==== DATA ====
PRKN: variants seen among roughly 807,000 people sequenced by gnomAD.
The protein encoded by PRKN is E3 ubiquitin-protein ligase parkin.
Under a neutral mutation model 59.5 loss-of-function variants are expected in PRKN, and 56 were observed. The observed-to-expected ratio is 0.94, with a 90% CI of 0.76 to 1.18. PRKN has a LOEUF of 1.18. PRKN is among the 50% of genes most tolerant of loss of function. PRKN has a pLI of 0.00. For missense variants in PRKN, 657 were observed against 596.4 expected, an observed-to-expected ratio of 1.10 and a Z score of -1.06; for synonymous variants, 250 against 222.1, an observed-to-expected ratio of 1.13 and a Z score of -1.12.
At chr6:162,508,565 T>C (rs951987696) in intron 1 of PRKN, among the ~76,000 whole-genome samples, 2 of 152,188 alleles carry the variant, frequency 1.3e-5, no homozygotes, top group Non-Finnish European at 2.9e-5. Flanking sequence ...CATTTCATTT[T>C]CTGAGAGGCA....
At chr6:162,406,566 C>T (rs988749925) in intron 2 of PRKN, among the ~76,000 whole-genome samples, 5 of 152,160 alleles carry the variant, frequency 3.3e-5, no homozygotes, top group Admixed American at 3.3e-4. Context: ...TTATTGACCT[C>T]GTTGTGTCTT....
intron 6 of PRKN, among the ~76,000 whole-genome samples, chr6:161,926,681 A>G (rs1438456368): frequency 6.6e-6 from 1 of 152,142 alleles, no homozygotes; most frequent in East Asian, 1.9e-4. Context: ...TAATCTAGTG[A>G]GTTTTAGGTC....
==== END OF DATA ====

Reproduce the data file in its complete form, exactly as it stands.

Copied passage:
PRKN: variants seen among roughly 807,000 people sequenced by gnomAD.
The protein encoded by PRKN is E3 ubiquitin-protein ligase parkin.
Under a neutral mutation model 59.5 loss-of-function variants are expected in PRKN, and 56 were observed. The observed-to-expected ratio is 0.94, with a 90% CI of 0.76 to 1.18. PRKN has a LOEUF of 1.18. PRKN is among the 50% of genes most tolerant of loss of function. PRKN has a pLI of 0.00. For missense variants in PRKN, 657 were observed against 596.4 expected, an observed-to-expected ratio of 1.10 and a Z score of -1.06; for synonymous variants, 250 against 222.1, an observed-to-expected ratio of 1.13 and a Z score of -1.12.
At chr6:162,508,565 T>C (rs951987696) in intron 1 of PRKN, among the ~76,000 whole-genome samples, 2 of 152,188 alleles carry the variant, frequency 1.3e-5, no homozygotes, top group Non-Finnish European at 2.9e-5. Flanking sequence ...CATTTCATTT[T>C]CTGAGAGGCA....
At chr6:162,406,566 C>T (rs988749925) in intron 2 of PRKN, among the ~76,000 whole-genome samples, 5 of 152,160 alleles carry the variant, frequency 3.3e-5, no homozygotes, top group Admixed American at 3.3e-4. Context: ...TTATTGACCT[C>T]GTTGTGTCTT....
intron 6 of PRKN, among the ~76,000 whole-genome samples, chr6:161,926,681 A>G (rs1438456368): frequency 6.6e-6 from 1 of 152,142 alleles, no homozygotes; most frequent in East Asian, 1.9e-4. Context: ...TAATCTAGTG[A>G]GTTTTAGGTC....